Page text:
Compare Insurance Rates & Save

Louisiana Insurance (LA)

Louisiana Car Insurance Requirements
Under Louisiana law, you ought to carry liability coverage on any automobile you own. This coverage recompenses for property damages or personal injury for which you may be held responsible by law, up to your policy's dollar limits. In Louisiana, each vehicle has to have 10/20/10 liability limits. Those limits allow compensations of $10,000 for physical injury to one person, $20,000 for physical injury to more than one person in a single accident, and $10,000 coverage for damage to someone else's vehicle or other property.

Liability insurance covers physical injury or property damage caused by you, and others including your family members, driving your vehicle with your permission. You and your family members are covered also when driving another person's automobile as well as rental private passenger vehicles. Company cars and other non-owned cars commonly obtainable to you are not covered.

The Louisiana Automobile Insurance Plan permits companies to write auto liability insurance for persons who have been rejected on attempting to avail coverage through the usual channels. This guarantees the accessibility to insurance, to everyone licensed to drive in this state.

Louisiana law requires that all registered owners of an automobile carry liability insurance. Uninsured motorists are subject to such penalties as fines, restricted upturn of damages, and confiscation of the uninsured vehicle. On failing to provide proof of insurance, motorists run the risk of having their vehicles seized right away or have their license plates taken off and a yellow sticker affixed to the back windshield of the vehicle. The motorist is then allowed three days to present proof of insurance to the Office of Motor Vehicles. After three days, if the motorist is stopped again, the officer can take away his or her vehicle until proof of insurance is supplied and all pulling and restoration fees are paid. The fines vary from $75 to $100 on the first conviction, $100 to $250 on the second conviction and up to $700 on each conviction after that.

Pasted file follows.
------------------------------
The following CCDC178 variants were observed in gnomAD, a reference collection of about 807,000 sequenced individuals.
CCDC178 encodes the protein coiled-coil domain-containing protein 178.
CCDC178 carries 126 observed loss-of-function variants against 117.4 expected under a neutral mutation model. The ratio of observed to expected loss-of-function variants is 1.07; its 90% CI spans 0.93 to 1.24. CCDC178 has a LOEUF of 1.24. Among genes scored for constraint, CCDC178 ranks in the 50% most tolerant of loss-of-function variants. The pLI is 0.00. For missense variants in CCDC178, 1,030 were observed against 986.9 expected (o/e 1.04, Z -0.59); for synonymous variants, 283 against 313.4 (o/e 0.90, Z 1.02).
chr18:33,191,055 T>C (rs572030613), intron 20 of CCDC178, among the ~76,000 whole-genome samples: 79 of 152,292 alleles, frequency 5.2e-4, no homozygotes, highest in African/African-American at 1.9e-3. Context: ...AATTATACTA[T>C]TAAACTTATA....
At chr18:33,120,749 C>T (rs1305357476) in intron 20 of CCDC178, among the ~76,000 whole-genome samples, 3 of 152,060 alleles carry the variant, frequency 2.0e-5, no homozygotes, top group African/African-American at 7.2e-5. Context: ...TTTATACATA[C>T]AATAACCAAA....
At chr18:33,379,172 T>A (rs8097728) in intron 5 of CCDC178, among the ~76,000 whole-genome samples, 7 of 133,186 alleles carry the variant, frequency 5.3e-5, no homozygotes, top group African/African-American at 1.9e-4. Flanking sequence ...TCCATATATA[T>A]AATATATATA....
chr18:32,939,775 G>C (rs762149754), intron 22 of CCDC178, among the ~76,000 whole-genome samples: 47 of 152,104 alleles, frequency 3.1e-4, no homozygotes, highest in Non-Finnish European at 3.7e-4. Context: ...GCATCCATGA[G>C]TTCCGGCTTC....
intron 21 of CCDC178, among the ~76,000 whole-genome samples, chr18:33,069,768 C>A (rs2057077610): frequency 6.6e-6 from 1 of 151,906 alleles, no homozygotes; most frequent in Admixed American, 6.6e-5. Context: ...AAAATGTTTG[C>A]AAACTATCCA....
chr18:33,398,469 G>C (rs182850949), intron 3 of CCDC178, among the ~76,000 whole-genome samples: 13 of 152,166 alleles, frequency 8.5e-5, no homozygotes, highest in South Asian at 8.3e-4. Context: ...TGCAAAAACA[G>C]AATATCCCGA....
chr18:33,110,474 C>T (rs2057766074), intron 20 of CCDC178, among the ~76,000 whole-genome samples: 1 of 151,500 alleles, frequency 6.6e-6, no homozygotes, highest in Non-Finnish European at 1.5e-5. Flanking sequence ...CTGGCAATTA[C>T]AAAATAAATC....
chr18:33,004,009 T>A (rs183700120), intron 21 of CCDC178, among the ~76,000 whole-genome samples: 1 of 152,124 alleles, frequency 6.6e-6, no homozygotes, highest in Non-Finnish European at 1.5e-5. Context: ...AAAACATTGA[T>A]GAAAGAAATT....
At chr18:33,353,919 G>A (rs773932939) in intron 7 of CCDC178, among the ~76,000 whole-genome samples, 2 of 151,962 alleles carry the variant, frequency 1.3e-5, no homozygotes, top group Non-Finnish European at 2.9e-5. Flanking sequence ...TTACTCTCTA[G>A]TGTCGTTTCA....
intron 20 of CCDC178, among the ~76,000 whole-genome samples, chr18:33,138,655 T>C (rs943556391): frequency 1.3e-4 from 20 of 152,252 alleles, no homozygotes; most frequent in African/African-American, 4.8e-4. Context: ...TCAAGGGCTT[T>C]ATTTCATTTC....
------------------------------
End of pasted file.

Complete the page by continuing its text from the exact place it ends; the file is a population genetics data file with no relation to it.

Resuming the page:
The Louisiana law known as "No Pay, No Play" forbids uninsured motorists from collecting the first $10,000 in property damages and the first $10,000 in personal injuries without any consideration to who causes the accident. This law also incorporates a provision that may consent to you relinquishing your right to make a legal claim for pain and suffering if you purchase economic-only uninsured motorist coverage.

How to contact the Louisiana Department of Insurance

The Poydras Building
1702 N. 3rd Street Web site:
Baton Rouge, LA 70804-9214

Toll Free: 1-800-259-5300
Baton Rouge: (225)342-0895

Car Thefts in Louisiana
Louisiana has witnessed a sustained decrease in the number of reported stolen vehicles for the past five years. The only year from 1999 to 2003 with an increase was 2001, when it rose 1.96 percent. In 1999 the number was 21,695, and in 2003, it was 19,882, an encouraging slump of 8.36 percent according to the FBI Uniform Crime Report.

Louisiana saw a 1.51 percent drop in the auto theft rate from 2002 to 2003 when the number of thefts lessened from 20,186 to 19,882, ranking Louisiana 24th in the country.

Louisiana ranked 16th in 2003 with a "thefts per 1,000 population" rate of 4.42. In 2002, the rate was marginally higher at 4.50.

Louisiana was ranked 21st in 2003 with 19,882 motor vehicles stolen.

The eight municipalities with the most motor vehicles reported stolen are: New Orleans, Shreveport, Bossier City, Baton Rouge, Monroe, Lake Charles, Lafayette, Alexandria and Houma.

The foremost problem area is New Orleans. In 2003, New Orleans was ranked 33rd among all cities in the United States, an advancement from the 27th and 17th rankings it registered in 2002 and 2001 respectively. In 2003, there were 8,969 thefts, a reduction of 3.13% from 9,259 the previous year. Though New Orleans has shown a stable decline in auto theft over the past few years, it still has the highest rate of auto theft in the state with 670.47 vehicles stolen per 100,000 people.

Shreveport-Bossier City is next, ranked 68th among all U.S. cities in 2003, with 492.28 thefts per 100,000 people. Shreveport registered 1,932 motor vehicles thefts that year, up from 1,427 two years earlier. This corresponded to the greatest rate of increase per 100,000 people of any area of the state.

Baton Rouge ranked 85th in 2003, registering 2,674 thefts, or 443.53 per 100,000 people.